President Dmitry Medvedev proposed on Wednesday increasing fines for officials caught taking bribes to up to 100 times the size of the bribe, part of measures to try to fight corruption.
Medvedev, like his predecessor Vladimir Putin, has made little headway so far in cracking down on corruption, which investors say is the biggest obstacle to doing business in Russia. Berlin-based graft watchdog Transparency International ranks Russia as the 154th most corrupt country out of 178.
"Russia's criminal code will set the fine for commercial bribery, the giving and taking of bribes, or the facilitating of bribes, at up to 100 times the size of the bribe," the Kremlin said in a statement.
No fine would exceed 500 million rubles ($17 million), the bill said.
Any proposed amendment to Russia's criminal code must be approved by parliament, which is dominated by the pro-Kremlin United Russia party that regularly rubber stamps any proposed legislation.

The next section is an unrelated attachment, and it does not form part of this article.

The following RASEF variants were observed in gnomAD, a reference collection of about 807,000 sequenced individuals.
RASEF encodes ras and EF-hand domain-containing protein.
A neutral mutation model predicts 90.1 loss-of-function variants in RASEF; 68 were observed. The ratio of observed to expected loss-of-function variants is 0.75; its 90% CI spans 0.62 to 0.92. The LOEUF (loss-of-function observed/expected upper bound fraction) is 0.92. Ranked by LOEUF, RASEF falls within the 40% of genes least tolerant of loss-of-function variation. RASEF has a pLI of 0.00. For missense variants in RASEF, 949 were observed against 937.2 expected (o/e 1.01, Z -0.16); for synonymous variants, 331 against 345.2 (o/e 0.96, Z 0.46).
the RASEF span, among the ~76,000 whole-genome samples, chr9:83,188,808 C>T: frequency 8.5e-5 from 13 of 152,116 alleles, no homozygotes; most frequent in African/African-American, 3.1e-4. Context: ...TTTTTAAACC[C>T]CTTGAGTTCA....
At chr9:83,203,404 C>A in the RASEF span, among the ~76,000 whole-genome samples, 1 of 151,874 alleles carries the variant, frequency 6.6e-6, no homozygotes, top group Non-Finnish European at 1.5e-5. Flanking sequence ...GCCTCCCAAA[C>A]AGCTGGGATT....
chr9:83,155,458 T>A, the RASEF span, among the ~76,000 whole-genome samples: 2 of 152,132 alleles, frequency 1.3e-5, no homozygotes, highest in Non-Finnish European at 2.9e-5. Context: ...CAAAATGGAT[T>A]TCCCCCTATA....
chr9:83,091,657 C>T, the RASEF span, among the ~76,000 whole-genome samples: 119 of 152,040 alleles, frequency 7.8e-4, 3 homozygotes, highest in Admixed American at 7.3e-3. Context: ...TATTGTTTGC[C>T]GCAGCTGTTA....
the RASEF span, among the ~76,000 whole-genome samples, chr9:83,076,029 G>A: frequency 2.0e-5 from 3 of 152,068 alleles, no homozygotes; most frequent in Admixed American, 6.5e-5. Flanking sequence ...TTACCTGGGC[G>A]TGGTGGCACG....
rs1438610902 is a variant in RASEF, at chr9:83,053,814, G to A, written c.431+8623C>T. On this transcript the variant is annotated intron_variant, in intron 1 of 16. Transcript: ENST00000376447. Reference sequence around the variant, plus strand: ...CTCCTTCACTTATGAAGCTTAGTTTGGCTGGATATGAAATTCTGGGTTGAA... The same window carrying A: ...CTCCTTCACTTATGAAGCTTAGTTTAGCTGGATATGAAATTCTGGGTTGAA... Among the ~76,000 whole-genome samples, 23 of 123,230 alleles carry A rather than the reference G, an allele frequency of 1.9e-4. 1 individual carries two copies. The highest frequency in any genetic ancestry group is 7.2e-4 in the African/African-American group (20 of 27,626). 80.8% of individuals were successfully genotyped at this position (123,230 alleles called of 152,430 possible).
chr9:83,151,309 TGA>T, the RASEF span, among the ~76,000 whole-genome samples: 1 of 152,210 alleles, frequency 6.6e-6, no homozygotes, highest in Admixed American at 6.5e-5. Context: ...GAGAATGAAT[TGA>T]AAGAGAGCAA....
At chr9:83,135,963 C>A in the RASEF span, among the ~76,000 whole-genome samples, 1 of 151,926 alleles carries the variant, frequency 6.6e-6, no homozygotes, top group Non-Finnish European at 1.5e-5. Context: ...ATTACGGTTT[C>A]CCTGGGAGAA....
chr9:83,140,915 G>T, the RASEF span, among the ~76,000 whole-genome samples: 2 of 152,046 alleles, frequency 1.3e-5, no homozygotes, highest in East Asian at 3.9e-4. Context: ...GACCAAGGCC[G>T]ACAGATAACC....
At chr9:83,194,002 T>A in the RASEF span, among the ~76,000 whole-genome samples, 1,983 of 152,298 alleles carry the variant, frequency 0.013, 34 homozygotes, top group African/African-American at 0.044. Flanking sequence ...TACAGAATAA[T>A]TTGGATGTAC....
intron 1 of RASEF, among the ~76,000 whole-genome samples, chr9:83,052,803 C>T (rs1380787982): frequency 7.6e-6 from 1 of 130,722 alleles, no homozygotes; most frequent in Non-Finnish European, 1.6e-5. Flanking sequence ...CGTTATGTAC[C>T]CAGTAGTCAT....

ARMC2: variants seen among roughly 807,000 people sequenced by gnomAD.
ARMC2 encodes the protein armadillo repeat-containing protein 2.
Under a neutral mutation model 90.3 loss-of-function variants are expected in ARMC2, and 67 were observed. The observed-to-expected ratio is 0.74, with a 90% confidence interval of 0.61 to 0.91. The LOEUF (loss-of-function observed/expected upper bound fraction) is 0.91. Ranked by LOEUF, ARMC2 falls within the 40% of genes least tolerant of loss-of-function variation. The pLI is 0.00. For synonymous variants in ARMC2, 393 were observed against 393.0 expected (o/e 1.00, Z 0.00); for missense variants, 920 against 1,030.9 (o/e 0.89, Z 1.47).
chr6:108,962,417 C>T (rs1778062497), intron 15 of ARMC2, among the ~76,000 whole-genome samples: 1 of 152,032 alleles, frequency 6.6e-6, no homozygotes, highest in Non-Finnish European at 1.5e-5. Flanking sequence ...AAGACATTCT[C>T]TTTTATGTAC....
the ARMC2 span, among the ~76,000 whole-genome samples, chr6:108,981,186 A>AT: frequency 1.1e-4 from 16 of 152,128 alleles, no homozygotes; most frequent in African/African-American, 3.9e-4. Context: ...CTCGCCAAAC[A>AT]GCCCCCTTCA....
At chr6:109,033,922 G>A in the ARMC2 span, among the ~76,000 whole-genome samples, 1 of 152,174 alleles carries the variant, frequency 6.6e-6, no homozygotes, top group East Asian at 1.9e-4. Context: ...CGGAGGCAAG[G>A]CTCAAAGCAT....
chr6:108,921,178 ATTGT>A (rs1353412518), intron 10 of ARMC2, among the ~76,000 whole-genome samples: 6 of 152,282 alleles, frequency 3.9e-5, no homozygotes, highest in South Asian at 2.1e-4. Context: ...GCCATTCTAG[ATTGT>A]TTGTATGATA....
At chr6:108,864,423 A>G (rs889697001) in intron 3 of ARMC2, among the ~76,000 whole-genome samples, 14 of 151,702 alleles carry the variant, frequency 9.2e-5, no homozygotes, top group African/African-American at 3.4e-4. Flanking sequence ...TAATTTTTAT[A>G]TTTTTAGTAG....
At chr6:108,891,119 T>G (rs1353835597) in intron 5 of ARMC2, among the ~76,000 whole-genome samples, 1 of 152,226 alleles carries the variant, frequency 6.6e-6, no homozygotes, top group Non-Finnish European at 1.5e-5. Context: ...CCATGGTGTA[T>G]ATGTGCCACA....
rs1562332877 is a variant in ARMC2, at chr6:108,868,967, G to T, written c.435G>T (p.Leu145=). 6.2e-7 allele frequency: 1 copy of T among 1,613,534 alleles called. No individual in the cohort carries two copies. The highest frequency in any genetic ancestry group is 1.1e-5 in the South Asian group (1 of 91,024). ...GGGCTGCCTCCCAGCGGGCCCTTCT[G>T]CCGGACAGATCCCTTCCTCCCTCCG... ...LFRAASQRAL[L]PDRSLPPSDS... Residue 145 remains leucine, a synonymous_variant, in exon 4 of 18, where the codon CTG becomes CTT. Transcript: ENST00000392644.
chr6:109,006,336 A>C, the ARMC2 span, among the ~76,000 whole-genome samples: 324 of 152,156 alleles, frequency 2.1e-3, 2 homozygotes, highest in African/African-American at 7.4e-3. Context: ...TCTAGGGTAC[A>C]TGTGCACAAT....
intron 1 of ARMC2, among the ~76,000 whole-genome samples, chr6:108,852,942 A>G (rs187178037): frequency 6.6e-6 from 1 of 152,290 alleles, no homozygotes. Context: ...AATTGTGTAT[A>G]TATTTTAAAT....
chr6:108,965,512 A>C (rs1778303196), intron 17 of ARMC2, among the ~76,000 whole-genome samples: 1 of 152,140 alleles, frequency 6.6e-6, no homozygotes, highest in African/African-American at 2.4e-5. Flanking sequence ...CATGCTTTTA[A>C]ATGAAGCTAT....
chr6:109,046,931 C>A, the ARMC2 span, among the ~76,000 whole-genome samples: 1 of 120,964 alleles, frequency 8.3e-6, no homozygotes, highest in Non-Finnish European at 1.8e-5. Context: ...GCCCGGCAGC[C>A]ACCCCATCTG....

Russia is trying to woo foreign investors and diversify its economy away from oil and gas revenues, but many have called for tougher measures against corruption.
Medvedev's amendment will be one of the first concrete steps taken in his campaign to stamp out corruption.
State newspaper Rossiiskaya Gazeta reported last year that the size of the average bribe rose 25 percent in 2010.
Many Russians say paying bribes has become a regular feature in almost every sphere of life, from ensuring attention in the health care industry to getting better marks in university or evading fines by traffic police. Bigger bribes are paid by companies to secure contracts or other business.
The average bribe in Moscow is about $20,000, business daily Vedomosti reported last week, nearly 20 times higher than in the rest of Russia.